Four Beasts in One

In the 13th chapter of Revelation, the single “Beast from the Sea” displays the same animal characteristics of the four creatures that Daniel saw ascending from the sea. John’s “beast” is from the same lineage, but it is also something more. It certainly is not identical to the “fourth beast” with the “little horn,” though it incorporates many of its attributes.

That Daniel’s vision of four “beasts” is behind John’s image of the single “beast from the sea” is indisputable. But the latter employs the language and imagery of the former to build its own picture.

What was “sealed” in Daniel is NOT SEALED IN REVELATION, and it envisions something beyond what Daniel saw. John’s single “beast” combines all four of the “beasts” from the book of Daniel, and more - (Daniel 12:1-4, Revelation 22:9-10).


Both Daniel’s fourth “beast” and the single “Beast” in Revelation ascend from the sea. Both have “ten horns” and “wage war against the saints.” And in both visions, the “tens horns” represent “ten kings” or kingdoms. But the differences outweigh the similarities - (Daniel 7:21-24, Revelation 13:7, 17:12).

Daniel saw four individual beasts ascending from the sea in succession, but John sees only one. In Daniel, the first beast is compared to a lion, the second to a bear, and the third to a leopard, but the fourth has no analog in the animal kingdom - it was a monstrosity with “ten horns” and “seven heads.”

In Revelation, the animal features of all four “beasts” are combined into one new entity, then the animal attributes of Daniel’s four beasts are listed in reverse order - The beast with “ten horns,” the leopard, the bear, and lastly, the lion.

Moreover, the composite nature of John’s single “Beast from the Sea” means that it is NOT identical to Daniel’s fourth “beast” – It includes the features of all four of the “beasts” seen by the prophet.

The “ten horns” of Daniel’s fourth beast represent ten kings that will reign over the fourth kingdom. In contrast, the “ten horns” of John’s “beast” have “received no kingdom yet, but they will receive authority as kings with the beast for one hour” - (Revelation 17:12).

Daniel’s fourth beast has “ten horns,” but another “little horn” ascends among the ten after three are removed, and it “speaks great things.


In Revelation, the one “Beast” has “seven heads” in addition to its “ten horns,” one of which is “struck dead, and his death-stroke is healed.” And in Daniel, the “little horn…speaks great things,” but in Revelation, the “Beast” itself is “given a mouth speaking great things and slanders” - (Daniel 7:8, Revelation 13:3-5).

In Daniel, the four beasts represent four successive kingdoms. The first, the winged lion, undoubtedly symbolizes Babylon. The second, the bear with one side “raised higher than the other” represents the Medo-Persian Empire that overthrew Babylon - (Daniel 2:38, 8:20, 11:1-2).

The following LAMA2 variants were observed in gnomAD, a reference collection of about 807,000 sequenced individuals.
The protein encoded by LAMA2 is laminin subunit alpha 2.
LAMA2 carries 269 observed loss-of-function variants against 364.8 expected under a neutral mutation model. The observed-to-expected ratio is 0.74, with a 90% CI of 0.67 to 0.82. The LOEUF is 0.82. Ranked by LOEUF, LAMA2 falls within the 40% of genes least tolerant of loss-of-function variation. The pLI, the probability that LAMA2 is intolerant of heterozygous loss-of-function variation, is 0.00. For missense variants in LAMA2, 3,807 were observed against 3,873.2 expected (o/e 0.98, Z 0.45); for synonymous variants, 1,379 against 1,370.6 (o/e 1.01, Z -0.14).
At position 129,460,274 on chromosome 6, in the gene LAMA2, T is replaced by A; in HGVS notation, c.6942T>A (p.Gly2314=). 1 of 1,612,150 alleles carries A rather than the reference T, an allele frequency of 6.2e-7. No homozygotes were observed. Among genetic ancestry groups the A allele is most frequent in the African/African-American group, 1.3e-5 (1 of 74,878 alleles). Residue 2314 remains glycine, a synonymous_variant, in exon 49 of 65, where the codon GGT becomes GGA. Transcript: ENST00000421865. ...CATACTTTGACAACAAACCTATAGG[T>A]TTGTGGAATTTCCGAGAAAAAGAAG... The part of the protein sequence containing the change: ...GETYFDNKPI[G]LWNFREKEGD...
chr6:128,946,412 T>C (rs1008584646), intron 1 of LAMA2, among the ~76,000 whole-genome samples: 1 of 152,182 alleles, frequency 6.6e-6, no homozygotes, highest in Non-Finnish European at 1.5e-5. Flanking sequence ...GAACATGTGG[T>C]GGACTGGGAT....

The third beast with four wings and four heads represents the conquests of Alexander the Great, especially his defeat of the Persian Empire. After his death, his kingdom is divided into four lesser domains. The four heads of the leopard point to this fourfold division.

The identity of the “fourth beast” is not made clear until the vision of the Ram and the Goat in the eighth chapter of Daniel. The “little horn” is a malevolent king who rules over one of the four successor kingdoms of the “goat,” that is, the Macedonian empire founded by Alexander.

This king “of fierce countenance” wages war against the “saints,” desecrates the Temple, erects the “transgression that desolates,” and causes the cessation of the daily burnt offering in the sanctuary - (Daniel 7:15-26, 8:21-26, 9:26-27, 11:30-36).

But the Book of Revelation does not employ the framework of four successive empires that features so prominently in the Book of Daniel. Instead, it employs a sevenfold succession of kingdoms.

The “seven heads” of the “Beast” represent “seven mountains” on which the “Great Harlot” sits. In turn, the “seven mountains” symbolize “seven kings” or kingdoms, five of which “fell” before John’s time, one was “present” in his day, and another is “yet to come” - (Daniel 7:17, 7:23, Revelation 17:8-10).

The kingdom that “is” when John received his vision could only be the Roman empire, the “Beast” that was persecuting the “churches of Asia.” But there yet remains a future incarnation of the “Beast.” And when it does appear, it will “continue a little while,” and then “go into destruction.”


Thus, the single “Beast from the Sea” represents something far beyond what Daniel saw - it is a trans-historical reality. It was present in the four historical empires represented by Daniel’s “four beasts,” and it was alive again in the Roman Empire when it strove to destroy the “saints.”

One day, the final and seventh incarnation of this “Beast” will ascend to “make war with the Lamb,” and since the “Dragon” has been expelled from the heavenly courtroom, Satan’s earthly cohorts cannot attack him directly. Instead, they wage war on his “saints” on the earth - (Revelation 5:5-12, 11:7, 12:17, 13:7-10, 20:7-10).

Thus, Revelation borrows imagery from Daniel to build its portrait of the World Empire that has threatened the existence of the Church throughout the present era.  It is not identical to any of the “four beasts” in Daniel, but it certainly is of the same nature and character.

Daniel’s four malevolent entities are forerunners, prototypes of the final version of the “Beast from the sea,” and in John’s time, that creature was attacking the “churches of Asia” through Rome and its vassals. But its ultimate form will appear only at the end of the age when Satan launches his final attempt to annihilate the church – (Revelation 20:7-10).


Destruction of Babylon

Gog and Magog